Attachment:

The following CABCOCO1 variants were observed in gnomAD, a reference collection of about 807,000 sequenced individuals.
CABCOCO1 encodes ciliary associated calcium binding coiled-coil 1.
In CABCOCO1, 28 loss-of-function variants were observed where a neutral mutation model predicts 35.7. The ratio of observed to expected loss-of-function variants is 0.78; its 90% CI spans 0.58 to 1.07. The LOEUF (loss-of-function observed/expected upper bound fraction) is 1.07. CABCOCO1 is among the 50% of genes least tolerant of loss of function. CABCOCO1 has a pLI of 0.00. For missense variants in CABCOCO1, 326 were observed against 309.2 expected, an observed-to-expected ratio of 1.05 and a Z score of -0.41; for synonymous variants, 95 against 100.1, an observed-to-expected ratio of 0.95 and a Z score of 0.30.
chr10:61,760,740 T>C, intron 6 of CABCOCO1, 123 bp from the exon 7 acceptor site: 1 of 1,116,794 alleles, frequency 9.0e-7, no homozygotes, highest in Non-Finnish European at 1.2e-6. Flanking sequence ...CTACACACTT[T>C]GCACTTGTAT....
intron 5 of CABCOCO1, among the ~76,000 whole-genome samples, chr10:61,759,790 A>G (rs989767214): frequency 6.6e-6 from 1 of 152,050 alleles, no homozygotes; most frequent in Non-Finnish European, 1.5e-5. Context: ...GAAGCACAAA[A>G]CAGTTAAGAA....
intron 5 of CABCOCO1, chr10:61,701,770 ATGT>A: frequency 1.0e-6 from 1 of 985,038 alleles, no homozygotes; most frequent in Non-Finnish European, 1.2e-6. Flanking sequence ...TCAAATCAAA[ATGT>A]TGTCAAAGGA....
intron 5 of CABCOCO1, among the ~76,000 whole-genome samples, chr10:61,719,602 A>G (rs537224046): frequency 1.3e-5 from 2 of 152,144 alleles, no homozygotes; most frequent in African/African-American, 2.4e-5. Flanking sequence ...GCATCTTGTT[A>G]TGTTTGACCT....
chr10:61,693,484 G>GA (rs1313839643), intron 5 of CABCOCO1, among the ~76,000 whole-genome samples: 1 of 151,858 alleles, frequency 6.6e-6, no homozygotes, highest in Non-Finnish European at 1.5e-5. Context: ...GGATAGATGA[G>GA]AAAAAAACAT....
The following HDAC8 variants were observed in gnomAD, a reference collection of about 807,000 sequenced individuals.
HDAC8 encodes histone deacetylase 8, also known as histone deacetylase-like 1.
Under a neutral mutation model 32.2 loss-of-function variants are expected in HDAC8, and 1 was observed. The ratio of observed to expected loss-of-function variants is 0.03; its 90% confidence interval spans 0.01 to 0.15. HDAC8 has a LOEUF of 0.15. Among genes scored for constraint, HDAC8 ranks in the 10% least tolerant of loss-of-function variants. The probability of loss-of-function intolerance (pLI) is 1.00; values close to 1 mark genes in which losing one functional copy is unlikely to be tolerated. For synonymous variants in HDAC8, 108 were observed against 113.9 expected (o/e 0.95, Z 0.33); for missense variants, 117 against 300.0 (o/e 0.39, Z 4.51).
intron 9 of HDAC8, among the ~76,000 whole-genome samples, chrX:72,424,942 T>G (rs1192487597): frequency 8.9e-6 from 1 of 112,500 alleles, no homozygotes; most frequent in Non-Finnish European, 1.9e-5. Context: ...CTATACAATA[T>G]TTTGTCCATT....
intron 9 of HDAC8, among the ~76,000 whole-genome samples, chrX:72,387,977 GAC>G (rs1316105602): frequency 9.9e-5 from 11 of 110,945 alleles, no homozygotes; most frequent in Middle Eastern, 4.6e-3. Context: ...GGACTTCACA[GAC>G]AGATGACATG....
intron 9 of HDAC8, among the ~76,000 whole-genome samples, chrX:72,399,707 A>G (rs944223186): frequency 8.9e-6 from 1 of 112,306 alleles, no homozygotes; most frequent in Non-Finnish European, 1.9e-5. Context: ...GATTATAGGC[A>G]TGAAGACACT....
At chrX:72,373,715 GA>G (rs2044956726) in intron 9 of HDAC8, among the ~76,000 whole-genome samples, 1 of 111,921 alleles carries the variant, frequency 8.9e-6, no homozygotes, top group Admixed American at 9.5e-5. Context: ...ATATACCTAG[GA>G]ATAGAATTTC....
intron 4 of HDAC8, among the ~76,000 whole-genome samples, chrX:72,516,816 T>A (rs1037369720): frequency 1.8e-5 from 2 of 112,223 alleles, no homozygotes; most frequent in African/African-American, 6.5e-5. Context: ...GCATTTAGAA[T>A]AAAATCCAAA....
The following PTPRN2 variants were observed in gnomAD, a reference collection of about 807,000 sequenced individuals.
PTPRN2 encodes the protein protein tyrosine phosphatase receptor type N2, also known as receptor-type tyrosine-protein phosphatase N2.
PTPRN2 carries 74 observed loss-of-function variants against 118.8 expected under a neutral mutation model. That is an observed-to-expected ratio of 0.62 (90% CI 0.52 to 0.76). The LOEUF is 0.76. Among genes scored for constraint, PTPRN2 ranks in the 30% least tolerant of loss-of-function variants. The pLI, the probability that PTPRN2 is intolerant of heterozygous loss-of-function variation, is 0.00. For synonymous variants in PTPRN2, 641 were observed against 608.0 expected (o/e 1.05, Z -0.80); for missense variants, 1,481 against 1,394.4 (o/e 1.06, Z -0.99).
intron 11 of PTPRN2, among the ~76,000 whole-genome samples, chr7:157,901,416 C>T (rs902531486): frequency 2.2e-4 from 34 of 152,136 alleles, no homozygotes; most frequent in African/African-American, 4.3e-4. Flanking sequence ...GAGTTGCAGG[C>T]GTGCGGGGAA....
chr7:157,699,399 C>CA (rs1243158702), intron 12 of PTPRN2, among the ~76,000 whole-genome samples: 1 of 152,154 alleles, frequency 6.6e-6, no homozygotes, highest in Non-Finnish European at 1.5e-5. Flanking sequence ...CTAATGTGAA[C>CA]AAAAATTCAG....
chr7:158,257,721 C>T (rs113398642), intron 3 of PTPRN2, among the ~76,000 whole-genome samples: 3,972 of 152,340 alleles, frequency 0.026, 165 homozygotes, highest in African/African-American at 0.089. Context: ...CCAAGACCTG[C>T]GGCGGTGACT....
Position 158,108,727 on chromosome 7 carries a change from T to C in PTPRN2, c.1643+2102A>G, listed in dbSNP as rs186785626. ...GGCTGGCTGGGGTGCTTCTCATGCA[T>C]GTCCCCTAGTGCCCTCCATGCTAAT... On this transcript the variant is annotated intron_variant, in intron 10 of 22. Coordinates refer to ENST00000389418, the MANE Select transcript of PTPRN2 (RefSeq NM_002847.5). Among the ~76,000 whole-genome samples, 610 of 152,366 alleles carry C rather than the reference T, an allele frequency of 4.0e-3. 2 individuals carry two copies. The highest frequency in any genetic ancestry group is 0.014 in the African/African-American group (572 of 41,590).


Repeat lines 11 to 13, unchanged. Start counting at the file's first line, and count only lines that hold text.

Under a neutral mutation model 32.2 loss-of-function variants are expected in HDAC8, and 1 was observed. The ratio of observed to expected loss-of-function variants is 0.03; its 90% confidence interval spans 0.01 to 0.15. HDAC8 has a LOEUF of 0.15. Among genes scored for constraint, HDAC8 ranks in the 10% least tolerant of loss-of-function variants. The probability of loss-of-function intolerance (pLI) is 1.00; values close to 1 mark genes in which losing one functional copy is unlikely to be tolerated. For synonymous variants in HDAC8, 108 were observed against 113.9 expected (o/e 0.95, Z 0.33); for missense variants, 117 against 300.0 (o/e 0.39, Z 4.51).
intron 9 of HDAC8, among the ~76,000 whole-genome samples, chrX:72,424,942 T>G (rs1192487597): frequency 8.9e-6 from 1 of 112,500 alleles, no homozygotes; most frequent in Non-Finnish European, 1.9e-5. Context: ...CTATACAATA[T>G]TTTGTCCATT....
intron 9 of HDAC8, among the ~76,000 whole-genome samples, chrX:72,387,977 GAC>G (rs1316105602): frequency 9.9e-5 from 11 of 110,945 alleles, no homozygotes; most frequent in Middle Eastern, 4.6e-3. Context: ...GGACTTCACA[GAC>G]AGATGACATG....